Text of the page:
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Degree Overview: Bachelor’s Degree Programs in Transportation

Majors Overview April 10, 2015

Get information about bachelor’s degree programs in transportation and their coursework, career choices, and job and wage outlook.

Bachelor’s Degree Programs in Transportation

Even students without prior college experience are allowed to seek admittance to transportation bachelor’s degree programs. However, only associate’s degree holders can enroll in some programs. Coursework mainly focuses on shipping regulations, international commerce, and the logistical support aimed at moving passengers or freight.

Students are allowed to focus their study on maritime or airline transportation. Schools offer minors in intermodal transportation, which involves the movement of cargo through the use of two or more methods of shipping, or security. An internship or capstone experience with a transportation company is available in most bachelor’s degree programs.

Students enrolled in the program get hands-on experience in managing commerce. Earning a degree in air transportation may require students to complete their internship at an airport; a seaport or merchant vessel is the likely venue of a maritime transportation student’s internship. The industry requires transportation majors to apply their skills as administrative specialists, consultants, or managers.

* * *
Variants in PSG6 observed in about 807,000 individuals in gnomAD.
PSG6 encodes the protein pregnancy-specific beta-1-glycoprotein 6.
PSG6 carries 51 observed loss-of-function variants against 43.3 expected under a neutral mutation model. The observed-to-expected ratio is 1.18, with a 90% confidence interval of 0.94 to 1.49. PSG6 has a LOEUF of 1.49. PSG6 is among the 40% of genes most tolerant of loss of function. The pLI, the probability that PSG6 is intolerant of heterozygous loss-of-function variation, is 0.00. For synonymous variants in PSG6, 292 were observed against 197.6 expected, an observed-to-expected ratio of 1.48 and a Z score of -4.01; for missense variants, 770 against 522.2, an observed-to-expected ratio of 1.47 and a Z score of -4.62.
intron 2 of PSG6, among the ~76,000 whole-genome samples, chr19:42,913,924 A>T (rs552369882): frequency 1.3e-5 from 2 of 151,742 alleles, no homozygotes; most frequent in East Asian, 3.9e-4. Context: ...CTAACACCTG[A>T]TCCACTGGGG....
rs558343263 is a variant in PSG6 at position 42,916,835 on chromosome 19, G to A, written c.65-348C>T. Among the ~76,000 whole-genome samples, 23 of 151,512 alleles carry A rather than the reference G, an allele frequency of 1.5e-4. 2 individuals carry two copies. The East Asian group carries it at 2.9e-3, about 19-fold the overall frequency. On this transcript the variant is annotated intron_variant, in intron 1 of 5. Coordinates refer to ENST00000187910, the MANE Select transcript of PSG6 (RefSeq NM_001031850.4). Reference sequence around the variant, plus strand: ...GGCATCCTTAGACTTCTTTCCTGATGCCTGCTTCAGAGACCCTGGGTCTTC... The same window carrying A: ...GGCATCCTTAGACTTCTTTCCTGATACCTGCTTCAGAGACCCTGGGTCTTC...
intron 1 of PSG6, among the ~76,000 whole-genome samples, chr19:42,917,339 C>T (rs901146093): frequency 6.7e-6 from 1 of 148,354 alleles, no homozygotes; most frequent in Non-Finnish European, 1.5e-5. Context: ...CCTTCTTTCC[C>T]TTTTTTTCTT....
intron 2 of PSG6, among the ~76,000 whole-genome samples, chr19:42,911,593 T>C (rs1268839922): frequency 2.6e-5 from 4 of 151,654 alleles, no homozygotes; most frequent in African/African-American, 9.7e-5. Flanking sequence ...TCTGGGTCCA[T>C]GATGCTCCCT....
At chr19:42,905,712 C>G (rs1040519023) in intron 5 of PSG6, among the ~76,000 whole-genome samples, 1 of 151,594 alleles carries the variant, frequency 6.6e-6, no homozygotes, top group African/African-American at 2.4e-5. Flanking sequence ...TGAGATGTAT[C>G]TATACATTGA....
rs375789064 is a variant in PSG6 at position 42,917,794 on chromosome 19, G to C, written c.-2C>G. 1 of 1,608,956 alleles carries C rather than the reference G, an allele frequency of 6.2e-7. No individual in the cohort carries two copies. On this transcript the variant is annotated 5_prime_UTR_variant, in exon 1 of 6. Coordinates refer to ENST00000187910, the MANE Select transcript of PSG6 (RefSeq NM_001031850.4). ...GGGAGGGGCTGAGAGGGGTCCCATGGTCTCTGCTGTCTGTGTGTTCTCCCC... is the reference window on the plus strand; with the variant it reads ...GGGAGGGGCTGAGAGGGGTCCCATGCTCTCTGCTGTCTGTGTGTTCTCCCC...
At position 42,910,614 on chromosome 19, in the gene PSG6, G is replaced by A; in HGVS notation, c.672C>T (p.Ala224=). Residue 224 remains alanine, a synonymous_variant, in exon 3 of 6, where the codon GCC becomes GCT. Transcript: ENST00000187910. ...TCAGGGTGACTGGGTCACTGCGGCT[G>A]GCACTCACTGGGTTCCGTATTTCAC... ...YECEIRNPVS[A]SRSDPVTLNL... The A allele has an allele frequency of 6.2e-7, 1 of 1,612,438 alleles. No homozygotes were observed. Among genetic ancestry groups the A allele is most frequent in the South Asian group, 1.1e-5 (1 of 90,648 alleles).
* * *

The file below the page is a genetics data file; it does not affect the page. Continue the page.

The basic curriculum focuses on commercial law, written communications, business administration, and economics apart from coursework in airport or maritime security, even as students learn about transportation industry regulations. Core coursework may include topic areas such as:

•Intermodal commerce
•International policy
•Risk management
•Transportation insurance
•Supply chain management

Career Choices

Armed with only a high school diploma or a two-year degree, interested individuals may seek labor positions in all three areas; however, those aspiring for management positions would need to hold a bachelor’s degree. Those interested in employment in one of the three industries may choose from positions such as the following:

•Baggage handler
•Customs inspector
•Logistical support specialist

Job and Wage Outlook

In 2012, about 8,771,690 individuals were employed in transportation and material moving jobs in the United States (U.S. Bureau of Labor Statistics). Various occupations in this broad field include taxi driving and airline piloting.

In 2012, these workers brought home an average annual wage of $28,960. Delivery service or light truck driving is a specific example of transportation services. Over the 2010 – 2020 decade, 15% job growth rate have been predicted for these workers (BLS). In 2014, delivery services and light truck drivers brought in an average annual wage of $33,870.

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